Figure 8 Craters on Mars
NASA/JPL/University of Arizona
Figure 8 Craters on Mars
ESP_054940_2385  Science Theme: Impact Processes
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Impact craters are very common on the surface of Mars as well as any other planetary body lacking a significant atmosphere (e.g., the Moon). In the absence of a thick atmosphere and active geologic processes, and if the surface is very old and has not been altered by something like lava flows, it will retain evidence of so many impacts that older and newer craters appear like circles on top of each other.

When we see a combination of two crater shapes on the ground, the one showing a nearly “full circle” will be the younger crater. In this image, we see the combined shape of two impact craters. However, neither crater displays a continuous circular shape (or rim) in the area connecting them. These two “figure 8” shapes indicate a binary impact where the impactor split apart shortly before hitting the ground, creating both craters at the same time.

Written by: M. Ramy El-Maarry (audio: Tre Gibbs)  (9 July 2018)
 
Acquisition date
16 April 2018

Local Mars time:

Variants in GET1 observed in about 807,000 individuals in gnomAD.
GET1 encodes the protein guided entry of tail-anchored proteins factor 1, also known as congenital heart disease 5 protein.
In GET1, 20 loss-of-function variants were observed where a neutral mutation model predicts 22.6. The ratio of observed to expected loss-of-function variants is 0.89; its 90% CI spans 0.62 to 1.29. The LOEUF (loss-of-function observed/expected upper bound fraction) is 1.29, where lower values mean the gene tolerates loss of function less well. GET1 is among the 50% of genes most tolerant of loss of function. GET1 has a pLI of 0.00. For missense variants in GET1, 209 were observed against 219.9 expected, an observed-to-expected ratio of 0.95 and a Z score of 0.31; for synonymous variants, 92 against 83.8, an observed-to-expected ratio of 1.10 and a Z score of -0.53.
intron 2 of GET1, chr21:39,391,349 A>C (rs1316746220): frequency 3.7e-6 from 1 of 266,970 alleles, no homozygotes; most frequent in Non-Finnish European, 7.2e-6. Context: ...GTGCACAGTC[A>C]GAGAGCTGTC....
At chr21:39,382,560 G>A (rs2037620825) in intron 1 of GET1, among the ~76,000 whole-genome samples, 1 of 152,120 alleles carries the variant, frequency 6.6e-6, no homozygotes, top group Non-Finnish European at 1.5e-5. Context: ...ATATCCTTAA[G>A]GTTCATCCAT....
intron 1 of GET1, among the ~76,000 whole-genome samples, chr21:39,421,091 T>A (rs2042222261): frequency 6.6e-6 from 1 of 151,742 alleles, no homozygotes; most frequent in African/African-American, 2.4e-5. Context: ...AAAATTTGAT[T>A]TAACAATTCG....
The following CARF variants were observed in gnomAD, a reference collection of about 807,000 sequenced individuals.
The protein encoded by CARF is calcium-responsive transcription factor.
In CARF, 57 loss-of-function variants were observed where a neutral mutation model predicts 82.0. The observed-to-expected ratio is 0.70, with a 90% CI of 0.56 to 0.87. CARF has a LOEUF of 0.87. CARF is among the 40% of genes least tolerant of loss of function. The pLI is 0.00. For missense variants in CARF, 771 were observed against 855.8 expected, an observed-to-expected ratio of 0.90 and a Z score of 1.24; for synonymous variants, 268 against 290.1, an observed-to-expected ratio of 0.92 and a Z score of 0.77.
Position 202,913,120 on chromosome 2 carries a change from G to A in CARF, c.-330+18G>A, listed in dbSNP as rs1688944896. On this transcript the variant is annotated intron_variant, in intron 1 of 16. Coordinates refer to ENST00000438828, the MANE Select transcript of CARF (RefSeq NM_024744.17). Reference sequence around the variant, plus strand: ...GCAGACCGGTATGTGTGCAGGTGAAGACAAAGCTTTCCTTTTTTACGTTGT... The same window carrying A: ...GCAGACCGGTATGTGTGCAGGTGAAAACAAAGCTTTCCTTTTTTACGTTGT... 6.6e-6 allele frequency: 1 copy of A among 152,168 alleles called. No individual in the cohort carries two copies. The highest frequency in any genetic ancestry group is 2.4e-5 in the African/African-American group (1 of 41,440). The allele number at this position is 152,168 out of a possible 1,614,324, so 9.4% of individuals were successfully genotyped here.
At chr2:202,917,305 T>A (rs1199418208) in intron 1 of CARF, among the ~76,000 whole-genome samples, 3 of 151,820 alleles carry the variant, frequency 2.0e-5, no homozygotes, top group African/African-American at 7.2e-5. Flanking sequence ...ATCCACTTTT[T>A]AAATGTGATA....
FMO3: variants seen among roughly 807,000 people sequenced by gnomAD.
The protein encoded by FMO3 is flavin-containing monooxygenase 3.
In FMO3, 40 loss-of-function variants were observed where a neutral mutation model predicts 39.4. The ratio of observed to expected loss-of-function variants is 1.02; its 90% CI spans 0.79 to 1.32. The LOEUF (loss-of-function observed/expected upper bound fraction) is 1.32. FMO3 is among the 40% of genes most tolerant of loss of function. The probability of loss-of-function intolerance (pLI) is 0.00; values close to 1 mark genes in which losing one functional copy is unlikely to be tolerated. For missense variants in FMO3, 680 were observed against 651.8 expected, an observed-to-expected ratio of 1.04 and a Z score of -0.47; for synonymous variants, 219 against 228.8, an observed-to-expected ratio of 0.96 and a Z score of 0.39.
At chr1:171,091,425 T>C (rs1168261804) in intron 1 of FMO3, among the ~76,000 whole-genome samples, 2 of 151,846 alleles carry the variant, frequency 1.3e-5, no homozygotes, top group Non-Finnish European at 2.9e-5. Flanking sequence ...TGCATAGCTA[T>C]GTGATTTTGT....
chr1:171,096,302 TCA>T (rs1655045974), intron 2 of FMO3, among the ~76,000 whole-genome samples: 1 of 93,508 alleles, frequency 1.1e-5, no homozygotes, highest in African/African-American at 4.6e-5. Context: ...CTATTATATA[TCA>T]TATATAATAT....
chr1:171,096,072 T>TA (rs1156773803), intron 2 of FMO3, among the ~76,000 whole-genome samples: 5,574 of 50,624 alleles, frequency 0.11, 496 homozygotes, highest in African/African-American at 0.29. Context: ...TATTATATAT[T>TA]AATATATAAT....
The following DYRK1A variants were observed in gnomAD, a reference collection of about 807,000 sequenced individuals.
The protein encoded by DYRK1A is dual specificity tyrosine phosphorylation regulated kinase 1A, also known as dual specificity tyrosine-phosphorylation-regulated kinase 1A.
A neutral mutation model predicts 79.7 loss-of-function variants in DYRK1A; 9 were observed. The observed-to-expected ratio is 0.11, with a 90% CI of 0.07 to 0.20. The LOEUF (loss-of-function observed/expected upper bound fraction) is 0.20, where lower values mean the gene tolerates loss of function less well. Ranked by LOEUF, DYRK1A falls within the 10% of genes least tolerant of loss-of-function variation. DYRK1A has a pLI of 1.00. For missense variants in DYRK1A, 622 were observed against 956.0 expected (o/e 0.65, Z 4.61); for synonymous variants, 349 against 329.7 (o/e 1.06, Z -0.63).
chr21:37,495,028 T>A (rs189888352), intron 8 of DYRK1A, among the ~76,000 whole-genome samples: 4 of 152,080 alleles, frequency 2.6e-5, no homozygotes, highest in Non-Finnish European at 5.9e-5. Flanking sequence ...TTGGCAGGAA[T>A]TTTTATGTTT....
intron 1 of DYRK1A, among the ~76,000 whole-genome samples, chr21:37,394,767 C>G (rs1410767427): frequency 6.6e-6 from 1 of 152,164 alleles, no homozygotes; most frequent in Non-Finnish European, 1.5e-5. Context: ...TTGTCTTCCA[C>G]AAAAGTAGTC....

15:08

Latitude (centered)
58.178°

Longitude (East)
266.466°

Spacecraft altitude
306.8 km (191.7 miles)

Original image scale range
61.4 cm/pixel (with 2 x 2 binning) so objects ~184 cm across are resolved

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50 cm/pixel and North is up

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Equirectangular

Emission angle:
0.3°

Phase angle:
61.7°

Solar incidence angle
62°, with the Sun about 28° above the horizon

Solar longitude
160.3°, Northern Summer

For non-map projected images
North azimuth:  97°
Sub-solar azimuth:  332.5°
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POSTSCRIPT
NASA’s Jet Propulsion Laboratory, a division of the California Institute of Technology in Pasadena, Calif., manages the Mars Reconnaissance Orbiter for NASA’s Science Mission Directorate, Washington. The HiRISE camera was built by Ball Aerospace and Technology Corporation and is operated by the University of Arizona.